There are several complications to this simple picture. Not all the detritus sinks to the bottom of the ocean. A large proportion is re-cycled within the ocean, either through direct consumption by other organisms, or by mixing of the upper ocean in the mixed layer and use of part of the detritus, after bacterial decay, in new production. This re-use is modified by seasonal changes in the mixed layer depth. In winter the mixed layer is deepened by wind mixing and thermal reduction of the upper ocean stratification. This deepening entrains water rich in nutrients, and carbon. In addition the fall-out of carbon from the mixed layer does not provide an escalating sink of carbon dioxide because the biological activity is controlled by a number of physical and chemical properties of the ocean. These have been discussed in §4.1. In the absence of changes to

Fig. 4.10. Schematic illustration of a typical bio-geochemical cycle. Each main component consists of several sub-components, within which cycling can occur, as well as that between each main component. The dotted links indicate direct volcanic input from deep beneath the Earth's surface. Some of the other links are drawn uni-directional; this means only that the major exchange is almost invariably in that direction and not that it is the only route. Boxes with some shading are those in which significant biological activity can occur.

these properties the detritus sink cannot contribute to reducing the impact of anthropogenic increase in atmospheric carbon dioxide. In §7.2.4, however, we will see how there will be feedbacks between physical climatic changes expected from greenhouse warming, some of which are important in controlling marine biological activity.

4.3.2 The nitrogen cycle

Micro-organisms control the oceanic component of the nitrogen cycle to a greater extent than for any other geochemical cycle. In coastal regions a large part of the annual budget of nitrogen comes from the land, through run-off. In the deep ocean, however, most nitrogen is cycled within the upper layers, as production is driven by the release of ammonia from dead algae. Some biologically usable nitrogen is mixed upwards from deeper in the ocean, and a small part is added by rainfall from the atmosphere, but these are both relatively small contributions. The most abundant form of nitrogen is the gas, N2, but most cycling involving marine organisms is between organic and inorganic forms of the element. The global total of coastal and deep oceanic vertical fluxes may be of similar total magnitude despite the smaller (10%) surface area of the coastal ocean.

4.3.3 The phosphorus cycle

The chemical composition of organic soft tissue is relatively constant with the ratio of phosphorus:nitrogen:carbon being, on average, 1:15:105. This ratio is known as the Redfield ratio, in honour of the scientist who first demonstrated the ratio's approximate invariance. The ratio of phosphorus to nitrogen in sea water also obeys this ratio in what is thought to be a biologically driven balance. Even in the deep ocean, well away from active microbiological consumption, this ratio holds. Some research, however, suggests that the C:N ratio within the Redfield ratio may not be as reliable as previously thought. Evidence has been presented of carbon consumption, relative to nitrogen, in both coastal and deep-sea waters significantly in excess (approximately double) of that predicted by the Redfield ratio. This means that current estimates of oceanic uptake of carbon dioxide may be too low. This would have significant consequences for the climatic feedbacks discussed in §7.2.4 and the speed of the climate's response to anthropogenic emissions of CO2.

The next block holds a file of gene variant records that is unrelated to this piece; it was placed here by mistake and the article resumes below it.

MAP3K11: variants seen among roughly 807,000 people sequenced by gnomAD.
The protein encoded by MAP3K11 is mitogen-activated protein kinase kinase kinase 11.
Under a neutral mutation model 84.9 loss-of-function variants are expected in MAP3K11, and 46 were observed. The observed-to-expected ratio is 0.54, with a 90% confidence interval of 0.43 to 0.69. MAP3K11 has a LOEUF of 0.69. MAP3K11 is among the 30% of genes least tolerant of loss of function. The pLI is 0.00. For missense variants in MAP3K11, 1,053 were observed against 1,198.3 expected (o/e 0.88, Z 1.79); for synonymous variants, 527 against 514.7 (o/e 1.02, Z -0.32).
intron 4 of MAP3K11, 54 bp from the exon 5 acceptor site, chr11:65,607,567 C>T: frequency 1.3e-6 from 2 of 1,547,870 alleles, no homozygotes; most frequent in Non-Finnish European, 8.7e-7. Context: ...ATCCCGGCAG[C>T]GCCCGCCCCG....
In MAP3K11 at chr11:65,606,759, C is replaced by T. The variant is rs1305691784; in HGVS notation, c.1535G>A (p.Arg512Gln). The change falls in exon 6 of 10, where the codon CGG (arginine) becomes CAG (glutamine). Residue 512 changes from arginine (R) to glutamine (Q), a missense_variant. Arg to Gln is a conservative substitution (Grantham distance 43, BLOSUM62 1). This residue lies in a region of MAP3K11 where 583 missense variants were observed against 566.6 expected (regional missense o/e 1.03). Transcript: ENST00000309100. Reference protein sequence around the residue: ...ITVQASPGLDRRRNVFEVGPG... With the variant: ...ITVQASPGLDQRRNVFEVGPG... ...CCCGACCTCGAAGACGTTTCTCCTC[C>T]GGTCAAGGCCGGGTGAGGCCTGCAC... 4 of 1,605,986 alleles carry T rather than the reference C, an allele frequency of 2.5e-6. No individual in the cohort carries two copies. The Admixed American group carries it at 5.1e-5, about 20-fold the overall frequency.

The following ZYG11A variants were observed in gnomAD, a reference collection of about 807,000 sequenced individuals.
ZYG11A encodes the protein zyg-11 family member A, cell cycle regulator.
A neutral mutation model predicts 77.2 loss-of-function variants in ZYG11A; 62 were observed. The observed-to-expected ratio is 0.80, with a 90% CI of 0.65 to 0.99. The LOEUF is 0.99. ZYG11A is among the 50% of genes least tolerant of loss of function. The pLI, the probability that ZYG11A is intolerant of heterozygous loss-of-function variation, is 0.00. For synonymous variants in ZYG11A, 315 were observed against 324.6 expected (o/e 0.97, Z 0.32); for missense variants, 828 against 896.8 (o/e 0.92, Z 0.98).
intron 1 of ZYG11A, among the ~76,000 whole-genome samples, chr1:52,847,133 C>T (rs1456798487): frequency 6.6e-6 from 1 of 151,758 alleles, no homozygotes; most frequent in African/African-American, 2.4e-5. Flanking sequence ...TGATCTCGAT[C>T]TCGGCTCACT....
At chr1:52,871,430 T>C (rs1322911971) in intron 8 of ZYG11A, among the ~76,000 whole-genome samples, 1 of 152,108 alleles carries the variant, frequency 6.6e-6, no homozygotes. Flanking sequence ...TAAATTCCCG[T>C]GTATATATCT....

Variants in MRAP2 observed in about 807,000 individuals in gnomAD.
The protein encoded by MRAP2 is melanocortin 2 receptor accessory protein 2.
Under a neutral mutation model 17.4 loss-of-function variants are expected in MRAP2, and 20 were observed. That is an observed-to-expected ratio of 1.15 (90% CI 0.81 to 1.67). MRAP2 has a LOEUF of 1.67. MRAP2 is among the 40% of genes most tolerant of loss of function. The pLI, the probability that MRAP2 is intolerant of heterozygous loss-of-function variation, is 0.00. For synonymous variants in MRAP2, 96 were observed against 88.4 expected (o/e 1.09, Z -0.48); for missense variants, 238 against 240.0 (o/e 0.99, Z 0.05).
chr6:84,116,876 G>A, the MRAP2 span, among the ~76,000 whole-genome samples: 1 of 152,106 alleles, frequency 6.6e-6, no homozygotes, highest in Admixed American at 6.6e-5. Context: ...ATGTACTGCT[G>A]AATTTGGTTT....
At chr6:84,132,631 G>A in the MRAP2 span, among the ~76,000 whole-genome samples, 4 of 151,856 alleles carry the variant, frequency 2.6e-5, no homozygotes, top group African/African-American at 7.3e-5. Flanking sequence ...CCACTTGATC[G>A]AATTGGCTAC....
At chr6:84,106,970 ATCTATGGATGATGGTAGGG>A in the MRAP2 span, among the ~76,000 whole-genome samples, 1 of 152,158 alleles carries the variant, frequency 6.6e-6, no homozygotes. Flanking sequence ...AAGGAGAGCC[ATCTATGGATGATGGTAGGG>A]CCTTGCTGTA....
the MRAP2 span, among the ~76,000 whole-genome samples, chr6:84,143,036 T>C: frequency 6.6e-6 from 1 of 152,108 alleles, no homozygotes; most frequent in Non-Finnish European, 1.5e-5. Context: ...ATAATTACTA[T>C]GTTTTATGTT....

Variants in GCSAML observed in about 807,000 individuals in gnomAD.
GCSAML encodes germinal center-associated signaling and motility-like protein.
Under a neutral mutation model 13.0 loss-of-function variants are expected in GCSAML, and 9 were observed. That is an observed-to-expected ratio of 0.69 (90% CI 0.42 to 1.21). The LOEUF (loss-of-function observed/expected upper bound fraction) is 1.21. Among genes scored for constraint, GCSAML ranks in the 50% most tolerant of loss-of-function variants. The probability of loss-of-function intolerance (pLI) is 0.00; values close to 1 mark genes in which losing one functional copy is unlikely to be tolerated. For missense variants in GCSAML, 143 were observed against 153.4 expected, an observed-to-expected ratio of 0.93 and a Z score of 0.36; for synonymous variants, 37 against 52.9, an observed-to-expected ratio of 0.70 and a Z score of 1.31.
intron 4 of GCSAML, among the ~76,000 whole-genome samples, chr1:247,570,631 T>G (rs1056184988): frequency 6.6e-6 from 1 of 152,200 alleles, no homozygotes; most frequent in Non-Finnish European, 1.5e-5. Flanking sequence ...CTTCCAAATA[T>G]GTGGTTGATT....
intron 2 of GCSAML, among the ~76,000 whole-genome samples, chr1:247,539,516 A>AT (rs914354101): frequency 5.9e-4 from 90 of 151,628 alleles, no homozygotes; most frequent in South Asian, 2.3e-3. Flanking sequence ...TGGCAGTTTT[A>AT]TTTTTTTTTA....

The phosphorus cycle is similar to the nitrogen cycle in that much of the exchange within the ocean involves re-processing of material, rather than input from, and output to, outside the system. A small amount of phosphorus enters the sea from land, assisting the rich biological productivity of the coastal waters. Very little enters from the atmosphere. Some is lost to marine sediments, but more than 99.9% of the cycling is between the marine biosphere and the ocean waters.

4.3.4 The oxygen cycle

The ocean acts as a sink for oxygen because of its use in respiration by marine organisms. It is also a source through photosynthesis and the release of oxygen during the chemical changes associated with the deposition of marine sediments. Much of the oxygen is re-cycled but the sediment deposition release represents a small leak to the atmosphere which it is estimated would double the atmospheric oxygen in four million years. The excess oxygen is used in the atmosphere during weathering of surface materials to maintain the balance in oxygen levels.

4.3.5 The sulphur cycle

Sulphur is a necessary trace element for biological activity. It is provided to marine organisms through re-cycling of dead organic material, dissolution of atmospheric sulphur dioxide, input of sulphates from rivers and precipitation, and anaerobic decay of organic material (see Fig. 4.11 in §4.4). Much of the net sulphur that enters the ocean each year is deposited in sediments. The remainder that is lost from the ocean leaves as biologically produced sulphureous gases, such as DMS. The potential climatic importance of the sulphur cycle, through DMS, merits a separate discussion, given in the next section, §4.4.